“Yeah, I noticed,” Spike muttered. She’d felt thinner to him when he’d held her in the Bronze on both nights—the first when he’d prevented her from dancing to death, and the second when she’d tried to lose herself in him.
He had known exactly what she wanted from him, and he’d given it willingly. The fact that she’d been using him still stung, though.
Spike pulled out his wallet to check whether or not he had enough cash for dinner. “Right, then. Pizza or Chinese?”
Dawn looked at him hopefully. “Really?”
“Yeah, might as well. If your sister comes home while we’ve got the food out, maybe she’ll eat.”
Dawn made a face. “Good luck.”
“Is something going on between you guys?” she asked.
Spike froze, knowing that if he let slip to Dawn that he and Buffy had shared more than conversation, he’d be as good as dust. “What makes you ask?”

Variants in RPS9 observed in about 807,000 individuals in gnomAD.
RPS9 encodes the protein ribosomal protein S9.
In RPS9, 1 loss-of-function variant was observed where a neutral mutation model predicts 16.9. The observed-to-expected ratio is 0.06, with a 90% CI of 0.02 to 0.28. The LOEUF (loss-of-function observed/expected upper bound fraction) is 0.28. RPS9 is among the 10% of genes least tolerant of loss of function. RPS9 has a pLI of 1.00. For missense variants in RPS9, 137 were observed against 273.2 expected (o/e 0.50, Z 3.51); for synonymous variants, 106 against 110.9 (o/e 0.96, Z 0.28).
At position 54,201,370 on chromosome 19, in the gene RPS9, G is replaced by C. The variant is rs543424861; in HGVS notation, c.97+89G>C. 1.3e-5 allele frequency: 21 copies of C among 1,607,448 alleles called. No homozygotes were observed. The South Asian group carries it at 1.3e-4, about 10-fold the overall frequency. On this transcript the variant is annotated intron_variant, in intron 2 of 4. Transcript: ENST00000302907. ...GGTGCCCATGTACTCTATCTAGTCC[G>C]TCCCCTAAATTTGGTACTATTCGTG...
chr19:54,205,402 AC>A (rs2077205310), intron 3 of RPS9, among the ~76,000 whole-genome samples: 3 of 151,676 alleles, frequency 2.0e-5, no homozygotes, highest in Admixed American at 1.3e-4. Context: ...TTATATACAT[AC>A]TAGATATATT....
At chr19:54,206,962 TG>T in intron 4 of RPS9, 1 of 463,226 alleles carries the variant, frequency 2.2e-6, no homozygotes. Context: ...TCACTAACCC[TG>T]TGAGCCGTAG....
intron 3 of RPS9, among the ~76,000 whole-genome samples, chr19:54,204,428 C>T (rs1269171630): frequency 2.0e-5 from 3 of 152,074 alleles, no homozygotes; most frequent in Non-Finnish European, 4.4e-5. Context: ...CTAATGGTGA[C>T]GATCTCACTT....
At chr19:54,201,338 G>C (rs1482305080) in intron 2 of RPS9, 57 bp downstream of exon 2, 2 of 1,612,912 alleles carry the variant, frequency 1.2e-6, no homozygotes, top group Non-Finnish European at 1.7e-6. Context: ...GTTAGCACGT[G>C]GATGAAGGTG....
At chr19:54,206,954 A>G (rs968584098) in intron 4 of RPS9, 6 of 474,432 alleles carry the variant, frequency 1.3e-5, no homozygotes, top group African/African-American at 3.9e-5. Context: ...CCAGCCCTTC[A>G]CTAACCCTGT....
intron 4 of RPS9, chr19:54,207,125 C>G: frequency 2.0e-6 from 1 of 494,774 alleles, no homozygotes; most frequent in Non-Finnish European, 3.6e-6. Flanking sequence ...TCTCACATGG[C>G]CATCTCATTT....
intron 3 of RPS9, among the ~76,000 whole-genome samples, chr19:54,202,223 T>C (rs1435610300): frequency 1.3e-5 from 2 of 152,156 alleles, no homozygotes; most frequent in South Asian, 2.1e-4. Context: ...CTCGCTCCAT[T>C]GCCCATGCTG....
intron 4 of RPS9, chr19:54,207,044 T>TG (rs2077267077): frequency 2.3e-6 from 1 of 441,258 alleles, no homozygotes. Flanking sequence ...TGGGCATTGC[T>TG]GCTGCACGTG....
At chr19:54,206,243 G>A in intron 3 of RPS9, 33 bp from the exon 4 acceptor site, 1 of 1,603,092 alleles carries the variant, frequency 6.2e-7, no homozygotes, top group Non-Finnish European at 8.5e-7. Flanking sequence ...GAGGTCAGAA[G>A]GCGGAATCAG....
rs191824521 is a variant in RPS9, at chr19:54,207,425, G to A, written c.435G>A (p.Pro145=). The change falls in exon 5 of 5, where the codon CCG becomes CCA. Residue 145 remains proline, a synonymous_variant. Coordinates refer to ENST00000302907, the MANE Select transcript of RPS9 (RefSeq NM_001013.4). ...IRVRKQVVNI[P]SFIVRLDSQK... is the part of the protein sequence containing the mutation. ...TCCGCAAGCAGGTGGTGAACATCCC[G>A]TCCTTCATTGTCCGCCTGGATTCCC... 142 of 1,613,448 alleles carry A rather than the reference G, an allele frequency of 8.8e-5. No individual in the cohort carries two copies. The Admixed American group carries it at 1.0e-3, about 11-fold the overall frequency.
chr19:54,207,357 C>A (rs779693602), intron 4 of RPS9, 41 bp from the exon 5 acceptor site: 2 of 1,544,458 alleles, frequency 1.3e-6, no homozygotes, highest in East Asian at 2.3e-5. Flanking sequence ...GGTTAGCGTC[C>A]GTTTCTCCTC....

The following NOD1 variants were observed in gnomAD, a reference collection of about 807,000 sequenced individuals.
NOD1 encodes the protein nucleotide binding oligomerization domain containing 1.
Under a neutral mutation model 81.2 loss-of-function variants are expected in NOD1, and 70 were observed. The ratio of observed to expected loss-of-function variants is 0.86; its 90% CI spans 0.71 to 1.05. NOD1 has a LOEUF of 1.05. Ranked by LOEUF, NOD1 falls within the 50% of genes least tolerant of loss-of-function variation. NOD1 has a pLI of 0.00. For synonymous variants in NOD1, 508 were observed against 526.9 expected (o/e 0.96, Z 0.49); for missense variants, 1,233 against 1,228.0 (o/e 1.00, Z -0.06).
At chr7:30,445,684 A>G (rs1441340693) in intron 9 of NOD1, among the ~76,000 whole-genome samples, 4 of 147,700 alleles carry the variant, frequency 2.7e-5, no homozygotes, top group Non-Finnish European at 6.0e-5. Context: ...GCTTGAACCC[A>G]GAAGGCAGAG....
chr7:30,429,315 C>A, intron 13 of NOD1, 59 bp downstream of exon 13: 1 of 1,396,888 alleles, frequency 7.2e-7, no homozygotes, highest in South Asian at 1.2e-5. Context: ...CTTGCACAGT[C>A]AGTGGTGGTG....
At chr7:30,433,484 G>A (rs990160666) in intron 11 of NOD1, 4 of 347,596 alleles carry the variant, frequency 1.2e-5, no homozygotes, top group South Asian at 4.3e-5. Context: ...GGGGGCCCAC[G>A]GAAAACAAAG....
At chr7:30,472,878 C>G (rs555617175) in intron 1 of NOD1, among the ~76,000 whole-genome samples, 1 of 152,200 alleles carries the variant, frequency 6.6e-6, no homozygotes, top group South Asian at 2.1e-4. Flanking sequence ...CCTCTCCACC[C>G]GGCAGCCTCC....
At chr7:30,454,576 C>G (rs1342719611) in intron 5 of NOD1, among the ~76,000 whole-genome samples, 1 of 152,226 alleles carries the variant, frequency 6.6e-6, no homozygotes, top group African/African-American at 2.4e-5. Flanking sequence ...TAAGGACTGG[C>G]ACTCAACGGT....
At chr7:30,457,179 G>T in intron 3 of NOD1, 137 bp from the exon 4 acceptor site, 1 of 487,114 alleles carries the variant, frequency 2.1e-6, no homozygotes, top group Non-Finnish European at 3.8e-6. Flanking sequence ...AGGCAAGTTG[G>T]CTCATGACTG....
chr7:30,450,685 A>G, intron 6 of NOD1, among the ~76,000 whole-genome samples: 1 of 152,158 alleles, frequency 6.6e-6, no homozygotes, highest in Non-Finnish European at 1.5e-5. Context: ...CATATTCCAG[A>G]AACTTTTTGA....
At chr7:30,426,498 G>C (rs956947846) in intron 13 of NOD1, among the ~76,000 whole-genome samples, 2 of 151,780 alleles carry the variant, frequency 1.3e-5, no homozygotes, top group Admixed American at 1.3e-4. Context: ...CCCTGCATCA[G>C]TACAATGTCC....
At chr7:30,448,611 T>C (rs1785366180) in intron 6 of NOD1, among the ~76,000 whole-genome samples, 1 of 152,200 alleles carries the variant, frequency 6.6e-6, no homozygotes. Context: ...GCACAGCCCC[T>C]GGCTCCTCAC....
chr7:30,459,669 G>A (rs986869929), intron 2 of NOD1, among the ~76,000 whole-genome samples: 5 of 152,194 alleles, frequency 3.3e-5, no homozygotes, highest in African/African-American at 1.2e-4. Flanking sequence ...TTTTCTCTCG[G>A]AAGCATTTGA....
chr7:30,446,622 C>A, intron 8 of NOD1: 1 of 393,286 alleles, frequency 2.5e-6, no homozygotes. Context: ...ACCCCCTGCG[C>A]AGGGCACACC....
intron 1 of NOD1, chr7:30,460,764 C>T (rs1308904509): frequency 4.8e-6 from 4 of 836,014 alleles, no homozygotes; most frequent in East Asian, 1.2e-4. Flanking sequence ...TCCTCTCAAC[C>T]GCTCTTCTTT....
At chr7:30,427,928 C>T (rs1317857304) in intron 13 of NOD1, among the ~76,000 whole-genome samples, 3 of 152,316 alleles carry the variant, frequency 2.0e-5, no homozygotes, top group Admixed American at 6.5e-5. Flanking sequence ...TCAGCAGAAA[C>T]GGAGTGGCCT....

Dawn rolled her eyes. “Please, Spike. I’m not stupid.”
“Never said you were.” Spike decided that ignoring the question she’d left hanging would be his best bet.
She gave him a look that said she knew exactly what he was trying to do. “Well? Is there something going on?”
Spike closed his eyes, torn between his desire to give Buffy exactly what she wanted and his loyalty to Dawn, who loved him for himself, and who wanted nothing more than his company. “I don’t know.”
“You don’t know what’s going on?”
“I don’t know what your sister wants,” he admitted. “And that’s all I’m gonna say.”
Dawn met his eyes, and he could see understanding there. “I’m in the mood for Chinese,” she said, changing the subject.
“Then that’s what we’ll get. Figure out what you want, an’ I’ll make the call.” He was grateful that she’d let it drop; Dawn could be incredibly persistent when she wanted to be.
Spike glanced at the clock. Buffy was probably out on patrol and would likely be out for hours yet. She’d be pissed as hell that he was hanging around Dawn, but at the moment he didn’t care. He wasn’t going to leave the girl alone.
He’d figure the rest out later.